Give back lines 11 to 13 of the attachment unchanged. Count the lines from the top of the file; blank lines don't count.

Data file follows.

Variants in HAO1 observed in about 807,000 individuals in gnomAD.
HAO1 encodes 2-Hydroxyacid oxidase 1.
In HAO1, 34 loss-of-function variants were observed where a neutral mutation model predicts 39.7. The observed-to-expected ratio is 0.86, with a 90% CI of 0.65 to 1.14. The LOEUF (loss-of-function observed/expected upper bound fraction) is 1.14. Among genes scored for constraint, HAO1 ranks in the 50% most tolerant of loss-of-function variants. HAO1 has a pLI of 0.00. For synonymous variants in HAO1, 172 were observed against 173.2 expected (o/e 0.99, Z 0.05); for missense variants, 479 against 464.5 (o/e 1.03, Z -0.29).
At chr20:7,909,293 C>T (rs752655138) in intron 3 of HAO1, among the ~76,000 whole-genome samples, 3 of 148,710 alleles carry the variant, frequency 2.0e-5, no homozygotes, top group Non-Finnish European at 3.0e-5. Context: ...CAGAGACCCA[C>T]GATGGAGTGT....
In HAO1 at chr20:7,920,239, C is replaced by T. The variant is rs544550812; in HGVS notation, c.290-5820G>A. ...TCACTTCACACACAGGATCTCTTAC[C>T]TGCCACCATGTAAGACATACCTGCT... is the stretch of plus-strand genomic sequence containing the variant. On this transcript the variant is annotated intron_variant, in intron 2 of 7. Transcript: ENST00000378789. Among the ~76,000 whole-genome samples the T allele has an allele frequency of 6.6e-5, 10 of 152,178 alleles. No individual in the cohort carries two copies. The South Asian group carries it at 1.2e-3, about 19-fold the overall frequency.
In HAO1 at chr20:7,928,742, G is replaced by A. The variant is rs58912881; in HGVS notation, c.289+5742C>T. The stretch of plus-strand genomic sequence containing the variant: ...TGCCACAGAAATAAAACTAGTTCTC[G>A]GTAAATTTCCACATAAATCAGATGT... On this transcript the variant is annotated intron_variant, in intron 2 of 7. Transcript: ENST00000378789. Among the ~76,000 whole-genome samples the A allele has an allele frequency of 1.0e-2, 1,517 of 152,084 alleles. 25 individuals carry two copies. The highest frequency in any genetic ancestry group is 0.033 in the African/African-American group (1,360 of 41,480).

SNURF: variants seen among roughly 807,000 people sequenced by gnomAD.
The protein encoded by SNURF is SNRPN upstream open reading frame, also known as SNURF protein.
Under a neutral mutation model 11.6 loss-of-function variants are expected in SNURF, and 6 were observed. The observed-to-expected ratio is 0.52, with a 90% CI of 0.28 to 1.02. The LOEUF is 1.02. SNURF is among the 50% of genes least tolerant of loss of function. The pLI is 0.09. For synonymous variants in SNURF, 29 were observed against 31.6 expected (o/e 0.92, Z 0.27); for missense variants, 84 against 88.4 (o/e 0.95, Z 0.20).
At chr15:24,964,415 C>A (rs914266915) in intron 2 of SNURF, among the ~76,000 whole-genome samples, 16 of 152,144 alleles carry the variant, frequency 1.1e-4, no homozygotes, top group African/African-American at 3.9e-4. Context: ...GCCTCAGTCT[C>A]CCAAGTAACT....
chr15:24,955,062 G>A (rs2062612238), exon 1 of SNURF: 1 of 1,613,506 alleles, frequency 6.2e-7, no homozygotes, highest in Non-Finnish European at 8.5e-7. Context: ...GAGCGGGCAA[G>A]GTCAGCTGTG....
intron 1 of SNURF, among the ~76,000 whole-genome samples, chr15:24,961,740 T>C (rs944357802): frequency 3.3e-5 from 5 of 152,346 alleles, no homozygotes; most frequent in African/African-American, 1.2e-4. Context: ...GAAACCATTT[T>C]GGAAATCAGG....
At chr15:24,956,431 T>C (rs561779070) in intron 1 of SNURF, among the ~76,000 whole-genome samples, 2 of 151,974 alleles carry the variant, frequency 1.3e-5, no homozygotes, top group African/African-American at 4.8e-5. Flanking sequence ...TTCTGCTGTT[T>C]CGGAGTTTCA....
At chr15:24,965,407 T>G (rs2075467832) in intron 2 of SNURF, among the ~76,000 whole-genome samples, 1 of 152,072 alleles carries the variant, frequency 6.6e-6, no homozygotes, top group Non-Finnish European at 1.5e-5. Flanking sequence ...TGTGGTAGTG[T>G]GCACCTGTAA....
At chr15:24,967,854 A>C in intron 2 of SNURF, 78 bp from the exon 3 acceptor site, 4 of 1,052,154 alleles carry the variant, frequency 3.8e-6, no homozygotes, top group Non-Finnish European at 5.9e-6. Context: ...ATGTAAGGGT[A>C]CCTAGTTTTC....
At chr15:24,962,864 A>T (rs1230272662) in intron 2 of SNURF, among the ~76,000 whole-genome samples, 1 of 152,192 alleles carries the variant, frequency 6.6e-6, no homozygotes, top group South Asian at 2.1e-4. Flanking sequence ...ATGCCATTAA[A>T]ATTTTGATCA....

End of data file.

chr15:24,955,062 G>A (rs2062612238), exon 1 of SNURF: 1 of 1,613,506 alleles, frequency 6.2e-7, no homozygotes, highest in Non-Finnish European at 8.5e-7. Context: ...GAGCGGGCAA[G>A]GTCAGCTGTG....
intron 1 of SNURF, among the ~76,000 whole-genome samples, chr15:24,961,740 T>C (rs944357802): frequency 3.3e-5 from 5 of 152,346 alleles, no homozygotes; most frequent in African/African-American, 1.2e-4. Context: ...GAAACCATTT[T>C]GGAAATCAGG....
At chr15:24,956,431 T>C (rs561779070) in intron 1 of SNURF, among the ~76,000 whole-genome samples, 2 of 151,974 alleles carry the variant, frequency 1.3e-5, no homozygotes, top group African/African-American at 4.8e-5. Flanking sequence ...TTCTGCTGTT[T>C]CGGAGTTTCA....